On August 12, 2019, the federal government finalized radical changes to “public charge” rules in an effort to disqualify many immigrants from gaining permanent residency in the US. The rule will go into effect in California on February 24, 2020, even as multiple legal challenges continue to move through the federal courts.
CHCF will provide updates as they become available. For more information, readers can also refer to the Protecting Immigrant Families Campaign, National Immigrant Law Center, and the California Immigrant Policy Center.
This collection highlights the potential impact that the changes to the public charge rule could have on the ability of immigrants to access the health care they need. It also highlights emerging research on the rule’s chilling effect on immigrants’ use of health care and other services.
New Evidence Demonstrates That The Public Charge Rule Will Harm Immigrant Families and Others
This Health Affairs blog summarizes a variety of studies that have been released since the announcement of the public charge rule, many as expert declarations in lawsuits opposing the rule. These studies project lower SNAP and Medicaid enrollment as well as losses in economic output resulting from the new rule. One study predicts 1,300 – 4,000 excess deaths resulting from declines in Medicaid coverage, while another estimates that the loss of housing benefits will result in worse health outcomes, lower educational attainment, and lower lifetime earnings for certain individuals.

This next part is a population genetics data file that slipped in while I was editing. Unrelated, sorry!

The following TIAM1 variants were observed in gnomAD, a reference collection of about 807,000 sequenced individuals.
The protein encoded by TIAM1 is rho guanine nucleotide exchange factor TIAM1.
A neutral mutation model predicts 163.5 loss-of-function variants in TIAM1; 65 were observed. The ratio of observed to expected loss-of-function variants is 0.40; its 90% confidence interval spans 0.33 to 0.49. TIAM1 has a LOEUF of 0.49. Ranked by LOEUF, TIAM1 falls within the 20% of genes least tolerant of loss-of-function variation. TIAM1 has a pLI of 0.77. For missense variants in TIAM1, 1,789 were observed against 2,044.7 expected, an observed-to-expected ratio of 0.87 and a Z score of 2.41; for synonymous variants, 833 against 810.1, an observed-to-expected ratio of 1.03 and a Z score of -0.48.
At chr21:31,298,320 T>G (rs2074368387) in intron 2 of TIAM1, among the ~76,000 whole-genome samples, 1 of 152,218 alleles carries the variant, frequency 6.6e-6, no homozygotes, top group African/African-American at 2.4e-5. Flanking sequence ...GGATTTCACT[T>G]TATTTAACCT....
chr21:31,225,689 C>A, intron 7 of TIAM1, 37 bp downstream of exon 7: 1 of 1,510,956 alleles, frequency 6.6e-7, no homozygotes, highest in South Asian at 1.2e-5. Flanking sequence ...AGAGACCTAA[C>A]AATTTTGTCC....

Know Your Rights: Public Charge Educational Resources
These community-facing materials from the Protecting Immigrant Families (PIF) are intended to better equip immigrants with the information they need to make the best decisions for themselves and for their families. Some materials are specifically for those working with immigrants, including advocates, health care professionals and legal service providers. Resources are in a variety of languages.
Final Federal Rule on Immigrants and Public Charge: Fact Sheet
On August 12, 2019, the U.S. Department of Homeland Security released the final rule on “public charge,” which will likely increase the number of uninsured in California. ITUP summarizes the final rule alongside existing federal law related to public charge and health care programs. The fact sheet also assesses the potential impacts on immigrant access to health care in California.
The Final Public Charge Rule Is Out. Here’s How It Affects Immigrants.
How Trump’s New Rule on Immigrants Endangers Public Health
The Department of Homeland Security finalized radical changes to immigration rules that go against America’s traditional values of inclusion. The San Francisco Chronicle published this opinion piece by CHCF’s CEO Sandra R. Hernández.
Safety Net Access in the Context of the Public Charge Rule
This Urban Institute brief shares insights from in-depth interviews conducted in March 2019 with 25 adults in immigrant families who reported that they or a family member avoided safety net programs like Medicaid, SNAP, or housing assistance in 2018 because of immigration concerns. The study highlights fear and confusion about the proposed public charge rule, a reliance on the media for information with few people seeking professional advice, and hardship for children and adults after losing access to public supports.
One in Seven Adults in Immigrant Families Reported Avoiding Public Benefit Programs in 2018
In this brief, the Urban Institute uses data from the December 2018 Well-Being and Basic Needs Survey to provide the first systematic documentation of the number of immigrant families avoiding public benefit programs due to fear of the pending public charge rule.
Proposed Public Charge Rule Would Hurt Californians
How Would Proposed Changes to the “Public Charge” Rule Affect Your Region?
The UCLA Center for Health Policy Research and Education estimates, for each California region and county, how changes to the “public charge” test could impact enrollment in Medi-Cal and/or CalFresh, jobs, economic output, and tax revenue. Use this PDF to see how your area could be affected.